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It’s well known that the government in China heavily regulates the media and content its citizens consume. From a political standpoint, it makes sense as the Communist Party wants to censor anything that criticizes their group or China. In a recent development, the government has surprisingly decided to ban anything “hip-hop related” from the airwaves.

At the end of January, the country’s top media regulator, the State Administration of Press, Publication, Radio, Film and Television of the People’s Republic of China (SAPPRFT), is now requiring “that programs should not feature actors with tattoos [or depict] hip-hop culture, sub-culture (non-mainstream culture) and dispirited culture (decadent culture).” The official rules include:

  • Absolutely do not use actors whose heart and morality are not aligned with the party and whose morality is not noble
  • Absolutely do not use actors who are tasteless, vulgar and obscene
  • Absolutely do not use actors whose ideological level is low and have no class
  • Absolutely do not use actors with stains, scandals and problematic moral integrity

With the new rulings, several popular Chinese hip-hop artists have been removed from TV programming without any explanation because obviously, you can’t question anything about the government.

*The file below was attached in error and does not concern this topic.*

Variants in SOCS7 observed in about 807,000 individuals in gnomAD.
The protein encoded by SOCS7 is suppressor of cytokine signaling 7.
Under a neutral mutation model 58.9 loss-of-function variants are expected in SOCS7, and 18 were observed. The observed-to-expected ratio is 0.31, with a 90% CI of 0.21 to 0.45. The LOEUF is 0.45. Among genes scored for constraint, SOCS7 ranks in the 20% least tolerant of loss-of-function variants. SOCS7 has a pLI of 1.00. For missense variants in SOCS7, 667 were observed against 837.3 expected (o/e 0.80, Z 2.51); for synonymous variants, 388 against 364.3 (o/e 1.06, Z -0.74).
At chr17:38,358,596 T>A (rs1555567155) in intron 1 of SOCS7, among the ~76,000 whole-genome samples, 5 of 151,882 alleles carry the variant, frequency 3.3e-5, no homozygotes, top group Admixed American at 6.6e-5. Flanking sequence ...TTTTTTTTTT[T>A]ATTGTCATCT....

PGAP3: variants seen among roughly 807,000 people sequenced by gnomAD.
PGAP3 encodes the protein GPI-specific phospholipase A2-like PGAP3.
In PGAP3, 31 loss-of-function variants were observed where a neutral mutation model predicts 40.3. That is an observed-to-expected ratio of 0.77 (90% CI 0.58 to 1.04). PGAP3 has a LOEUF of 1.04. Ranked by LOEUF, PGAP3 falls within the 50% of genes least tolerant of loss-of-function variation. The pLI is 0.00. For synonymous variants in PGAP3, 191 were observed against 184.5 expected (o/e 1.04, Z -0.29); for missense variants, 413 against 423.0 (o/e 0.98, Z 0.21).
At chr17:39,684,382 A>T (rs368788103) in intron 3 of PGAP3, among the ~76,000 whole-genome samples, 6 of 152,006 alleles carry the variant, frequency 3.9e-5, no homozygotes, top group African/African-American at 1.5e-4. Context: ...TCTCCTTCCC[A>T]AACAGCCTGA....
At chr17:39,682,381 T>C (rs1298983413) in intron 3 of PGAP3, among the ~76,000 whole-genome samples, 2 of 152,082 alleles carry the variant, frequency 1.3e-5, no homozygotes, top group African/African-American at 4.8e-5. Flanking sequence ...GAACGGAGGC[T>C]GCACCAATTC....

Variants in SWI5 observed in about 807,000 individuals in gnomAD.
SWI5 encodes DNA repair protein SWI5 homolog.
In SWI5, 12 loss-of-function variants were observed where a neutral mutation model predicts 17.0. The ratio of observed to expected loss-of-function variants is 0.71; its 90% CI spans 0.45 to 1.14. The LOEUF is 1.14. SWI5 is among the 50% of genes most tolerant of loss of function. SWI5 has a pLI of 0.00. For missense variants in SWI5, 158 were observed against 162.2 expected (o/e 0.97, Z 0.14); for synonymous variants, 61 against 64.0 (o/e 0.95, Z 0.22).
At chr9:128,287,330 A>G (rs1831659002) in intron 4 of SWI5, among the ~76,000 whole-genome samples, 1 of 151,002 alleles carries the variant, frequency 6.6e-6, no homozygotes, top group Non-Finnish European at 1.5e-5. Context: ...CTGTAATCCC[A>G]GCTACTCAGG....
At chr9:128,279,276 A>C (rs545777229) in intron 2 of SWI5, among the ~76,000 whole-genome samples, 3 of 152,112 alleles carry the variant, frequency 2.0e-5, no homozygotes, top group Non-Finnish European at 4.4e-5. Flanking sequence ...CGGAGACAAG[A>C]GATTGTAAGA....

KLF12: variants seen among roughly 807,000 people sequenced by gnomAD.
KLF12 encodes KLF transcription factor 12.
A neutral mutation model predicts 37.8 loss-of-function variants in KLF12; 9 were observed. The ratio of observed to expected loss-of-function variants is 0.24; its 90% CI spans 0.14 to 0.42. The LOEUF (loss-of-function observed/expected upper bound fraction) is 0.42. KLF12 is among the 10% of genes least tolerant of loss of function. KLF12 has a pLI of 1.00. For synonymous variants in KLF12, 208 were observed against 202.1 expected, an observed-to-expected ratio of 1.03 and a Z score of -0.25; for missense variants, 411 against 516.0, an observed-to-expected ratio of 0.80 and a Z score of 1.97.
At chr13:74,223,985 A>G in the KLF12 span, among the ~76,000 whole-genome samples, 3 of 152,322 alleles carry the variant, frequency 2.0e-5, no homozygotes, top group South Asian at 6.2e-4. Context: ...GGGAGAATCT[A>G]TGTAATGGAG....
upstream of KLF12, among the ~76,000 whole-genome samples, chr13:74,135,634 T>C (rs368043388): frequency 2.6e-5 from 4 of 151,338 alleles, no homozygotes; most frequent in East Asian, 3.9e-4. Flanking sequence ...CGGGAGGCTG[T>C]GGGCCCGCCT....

Hip-hop has become one of the most highly influential music genres in the world. In the US, hip-hop surpassed rock as the most listened to. The culture’s strength was proven in China by a reality show called The Rap of China, which reached 100 million views in four hours of its premiere and accumulated 1.3 billion views in a little over a month. It’s extremely unfortunate to have a certain “culture” banned because the government is assuming anything related to hip-hop is explicit and obscene. There’s a certain slice of the music that’s true, but ultimately it’s about freedom of expression and the government is probably afraid that artist will inspire political criticism through music. There’s no way that the Communist Party is going to allow a song along the lines of YG’s “F*ck Donald Trump” to reach the masses.

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Rex Pham

Originally from the Bay Area, who then moved to Los Angeles, then out to New York City. NYU Stern MBA c/o 2014. Inspired by the grind of NYC to create something that has value. Lover of all things digital, culture, and brand strategy.

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